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Am Fam Physician. 2000;61(11):3437-3440

The most common cause of fecal incontinence is related to obstetric vaginal deliveries and disruption of the anal sphincter complex. Lacerations of the anal sphincter occur in 0.6 to 5 percent of vaginal deliveries. This rate is increased to 50 percent if they occur in association with midline episiotomy and forceps delivery. It is estimated that 40 percent of women with anal sphincter lacerations have subsequent anorectal dysfunction including significant fecal incontinence. It has been thought that primary repair of the obstetric laceration would prevent adverse sequelae, although there is little evidence to support this. Kammerer-Doak and associates prospectively assessed the integrity of the anal sphincter in women with and without obstetric anal sphincter lacerations using transvaginal ultrasonography to identify occult lacerations.

Fifteen women who sustained obstetric anal sphincter lacerations (third- and fourth-degree lacerations) at the time of vaginal delivery were matched with 15 control subjects. Primary repair of the internal sphincter and rectal mucosa was performed with a running layer of 3-0 polyglactin 910 suture. The external anal sphincter was repaired with four interrupted 1-0 Vicryl sutures with an end-to-end technique. Women underwent physical and transvaginal ultrasonographic evaluations at six weeks and four months postpartum and were queried regarding anorectal symptoms.

At the six-week postpartum visit, 40 percent of the women with a history of obstetric laceration were noted to have a separated sphincter on physical examination compared with none of the women in the control group. Median anal resting and squeeze tones were significantly less in the laceration group. At the same visit, ultrasonography of women with a laceration history and of control subjects revealed a disrupted external anal sphincter in 40 and 20 percent, respectively, and a disrupted internal anal sphincter in 47 and 7 percent, respectively.

An 86 percent correlation was noted between physical examination findings of a separated sphincter and ultrasonographic evidence of a disrupted external anal sphincter. The subjective assessment of fecal incontinence symptoms was significantly greater among women who had sustained obstetric lacerations than among control subjects (26 versus 2 percent). The fecal incontinence score was significantly greater in the laceration group. Overall, the fecal incontinence score was associated with a disrupted internal anal sphincter but not with disruption of the external anal sphincter, as determined by ultrasonography.

At the four-month postpartum visit, women with a history of obstetric laceration were noted to have significantly more separated anal sphincters and decreased resting and squeeze tones on physical examination, a disrupted internal anal sphincter on ultrasonography and increased fecal incontinence scores with respect to the control group. Comparisons between the six-week and the four-month postpartum visits revealed complete resolution of fecal incontinence symptoms in 36 percent of subjects. The presence of anorectal dysfunction was reported in 43 percent of women in the laceration group versus 8 percent of control subjects at four months. In addition, the median fecal incontinence scores continued to be significantly greater in the laceration group.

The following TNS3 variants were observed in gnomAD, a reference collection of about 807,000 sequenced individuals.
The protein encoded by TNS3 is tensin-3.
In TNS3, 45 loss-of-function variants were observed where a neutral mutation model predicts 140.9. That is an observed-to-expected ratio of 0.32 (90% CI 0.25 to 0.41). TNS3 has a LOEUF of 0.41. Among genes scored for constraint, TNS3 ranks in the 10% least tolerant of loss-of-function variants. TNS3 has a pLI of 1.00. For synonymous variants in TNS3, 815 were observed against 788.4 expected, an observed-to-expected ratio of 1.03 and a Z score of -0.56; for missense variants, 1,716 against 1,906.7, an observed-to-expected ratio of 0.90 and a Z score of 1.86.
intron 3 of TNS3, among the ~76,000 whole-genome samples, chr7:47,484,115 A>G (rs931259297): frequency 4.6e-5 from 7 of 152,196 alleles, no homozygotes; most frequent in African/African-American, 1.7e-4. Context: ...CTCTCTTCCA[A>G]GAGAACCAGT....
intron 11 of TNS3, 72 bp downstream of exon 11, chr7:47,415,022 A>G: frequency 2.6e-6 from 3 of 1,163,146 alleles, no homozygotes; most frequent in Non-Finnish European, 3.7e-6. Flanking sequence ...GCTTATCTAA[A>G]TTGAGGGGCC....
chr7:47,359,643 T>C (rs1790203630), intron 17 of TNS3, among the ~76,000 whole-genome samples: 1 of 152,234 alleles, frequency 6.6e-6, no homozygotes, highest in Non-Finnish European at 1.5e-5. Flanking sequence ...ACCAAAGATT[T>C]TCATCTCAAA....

Results of this study demonstrate that anorectal dysfunction was present at the six-week and four-month postpartum visits in women who had obstetric and sphincteric rupture and had undergone primary surgical repair following vaginal delivery. The fact that the symptoms of fecal incontinence did not diminish for 43 percent of the women in the laceration group indicates lack of resolution of damage despite primary repair at the time of delivery.

The authors conclude that current surgical techniques for the repair of obstetric anal sphincter lacerations may be less than optimal. Ultrasonographic examinations revealed a separated anal sphincter in 40 percent of the women with obstetric laceration, despite primary repair at the time of delivery.

editor's note: Although the participant numbers were small, this is a well-designed study. Editorial discussion following the article stressed the key take-home points of this study. Careful questioning of the woman at the first postpartum visit about symptoms of fecal incontinence is important. A careful physical examination of anorectal tone may help to determine which women will benefit from sphincteroplasty. Transvaginal ultrasonography can be used to detect occult sphincter disruptions that may affect quality of life. Limiting the use of episiotomies will help avoid the long-term sequela of fecal incontinence.—b.a.

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